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May 08

Arizona Auto Insurance Laws, Minimums, Requirements

the state of Arizona?

-Arizona requires that every motor vehicle operated on its highways be covered by liability insurance through a company that is authorized top do business in Arizona. 
-In the state of Arizona, golf carts, motorcycles, and mopeds are all considered motor vehicles and must carry at least the minimum levels of liability insurance. 
-In the state of Arizona, minimum levels of liability insurance are $15,000 bodily injury for one person and $30,000 for two or more persons, and $10,000 property damage liability.

What is the Minimum Liability Coverage (Bodily Injury amounts per person, per accident, and property damage amounts):

If you buy automobile insurance in Arizona, your policy must include minimum liability coverage of: 
15,000 bodily injury liability for one person in an accident,
$30,000 for bodily injury to two or more persons in an accident,
and 
$10,000 property damage in an personal injury accident

What are the Rental Car Insurance Requirements?

In the state of Arizona, every motor vehicle on its highways must be covered by insurance. Most insurance policies cover car rentals as well as most credit cards. If your insurance policy or credit card does not cover car rentals, you must purchase the minimum liability coverage from the car rental company.  

What are the rules pertaining to Uninsured/Underinsured Motorist Coverage?

In the state of Arizona, all automobile insurance companies must offer uninsured motorists (UM) and underinsured motorist coverage (UIM) to every policyholder. Uninsured/Underinsured coverage provide protection when an at-fault driver does not carry enough insurance coverage, or does not have any insurance at all. While this type of insurance coverage is not required by Arizona law, it is recommended. If you elect not to carry Uninsured/Underinsured Motorists coverage, Arizona law requires that the insurance company provide a declaration page indicating that you have elected not to carry these coverages.  

What are the rules pertaining to the exclusion from coverage of a driver living in household?

In the state of Arizona, exclusion from coverage of a driver in a household is permitted. This means Arizona car insurance companies may exclude certain driver’s from your household if not specifically listed on the application. In Arizona, this is called “Household,” “Family,” or “Intra-Family” Exclusion. 

What are the rules regarding whether a driver has prior insurance? That is, how does state law handle it if a driver has no prior insurance or has let their previous insurance lapse?

In the state of Arizona if a driver’s insurance lapses or cancels, the driver must either pay the premium in order for the policy to be reinstated or if the policy cancels, the uninsured must obtain a new auto insurance policy immediately in order to operate a motor vehicle in the state. If the driver feels that his policy has been cancelled unfairly, the state allows 10 days within receipt of the cancellation or non-renewal notice to write to the Director of Insurance, State of Arizona, Department of Insurance, 2910 North 44th Street, Suite 210, Phoenix, Arizona, 85018, stating the objection to the insurer’s action.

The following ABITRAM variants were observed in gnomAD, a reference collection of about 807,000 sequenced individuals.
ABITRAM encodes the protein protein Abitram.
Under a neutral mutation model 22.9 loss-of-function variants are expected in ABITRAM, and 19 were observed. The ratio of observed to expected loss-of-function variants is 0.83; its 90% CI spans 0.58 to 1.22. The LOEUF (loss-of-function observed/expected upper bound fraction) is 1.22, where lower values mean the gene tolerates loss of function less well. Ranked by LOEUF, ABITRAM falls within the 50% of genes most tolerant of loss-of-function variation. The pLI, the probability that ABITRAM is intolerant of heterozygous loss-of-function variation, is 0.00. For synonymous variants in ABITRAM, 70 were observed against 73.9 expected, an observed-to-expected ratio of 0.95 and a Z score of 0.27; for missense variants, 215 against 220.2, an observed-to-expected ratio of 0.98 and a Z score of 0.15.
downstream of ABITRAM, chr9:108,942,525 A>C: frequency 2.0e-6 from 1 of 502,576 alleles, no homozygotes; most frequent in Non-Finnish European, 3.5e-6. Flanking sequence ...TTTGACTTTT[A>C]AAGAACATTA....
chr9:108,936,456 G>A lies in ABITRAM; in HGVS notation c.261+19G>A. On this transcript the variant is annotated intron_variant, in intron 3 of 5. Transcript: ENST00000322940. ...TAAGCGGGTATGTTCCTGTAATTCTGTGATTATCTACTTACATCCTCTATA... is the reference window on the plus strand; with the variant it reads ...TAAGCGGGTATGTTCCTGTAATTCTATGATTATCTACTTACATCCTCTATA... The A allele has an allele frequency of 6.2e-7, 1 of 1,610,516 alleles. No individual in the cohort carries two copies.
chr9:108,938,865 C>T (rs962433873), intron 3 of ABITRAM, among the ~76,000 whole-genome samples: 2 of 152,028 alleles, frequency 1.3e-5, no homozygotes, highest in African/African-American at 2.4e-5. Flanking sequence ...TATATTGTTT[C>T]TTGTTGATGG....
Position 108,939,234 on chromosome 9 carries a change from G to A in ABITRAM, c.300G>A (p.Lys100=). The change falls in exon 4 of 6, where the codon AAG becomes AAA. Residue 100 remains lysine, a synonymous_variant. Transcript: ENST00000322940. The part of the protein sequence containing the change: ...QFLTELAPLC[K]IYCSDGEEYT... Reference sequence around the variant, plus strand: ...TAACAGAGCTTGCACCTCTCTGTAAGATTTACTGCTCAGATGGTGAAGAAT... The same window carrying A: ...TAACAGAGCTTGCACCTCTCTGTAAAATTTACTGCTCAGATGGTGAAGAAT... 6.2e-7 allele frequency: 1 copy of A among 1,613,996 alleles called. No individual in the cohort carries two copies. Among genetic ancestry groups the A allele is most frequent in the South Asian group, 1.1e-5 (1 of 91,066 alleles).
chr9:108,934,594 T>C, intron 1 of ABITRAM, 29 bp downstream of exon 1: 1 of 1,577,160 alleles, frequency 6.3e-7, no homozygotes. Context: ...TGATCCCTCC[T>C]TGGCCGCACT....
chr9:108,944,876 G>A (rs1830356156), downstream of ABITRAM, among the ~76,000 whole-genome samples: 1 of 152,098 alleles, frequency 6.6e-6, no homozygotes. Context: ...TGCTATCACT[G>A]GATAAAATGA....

If a driver has tried several insures and cannot find coverage as a result of a lapse or cancellation, the driver may be insured through the Arizona Automobile Insurance Plan. Driver’s can apply for coverage through the plan by contacting any licensed property and casualty agent or producer. For general information on the Arizona Automobile Insurance Plan, call or write to: Western Association of Automobile Insurance Plans, P.O. Box 7917, San Francisco, CA 94120-7917–(800) 227-4659, or visit their official website.

What are the rules and guidelines auto insurance companies must follow regarding the use of Personal Credit History in selecting applicants and setting rates?

In the state of Arizona, auto insurance companies are permitted to use Personal Credit History to select applicants and to determine rates. Arizona auto insurance companies use credit score to assess one’s risk of losses.  

Is the state a No Fault or Tort state? What does either mean to the policy owner?

Arizona is a Tort state. This means that the driver who is at fault in the accident must pay the victims medical expenses and the victim has the ability to file a court claim against the driver found to be responsible for the accident for any additional and related damages including pain and suffering and lost wages. Because Arizona is a Tort state, most insurance companies recommend that driver’s consider carrying higher coverages than the state minimums.  

What is the average auto insurance premium in the state of Arizona? As of what year?

As of 2006, Arizona’s resident’s average insurance premium was approximately $913, the 14th most expensive in the nation. This was down 1.7% from the previous year. The national average was $817. 

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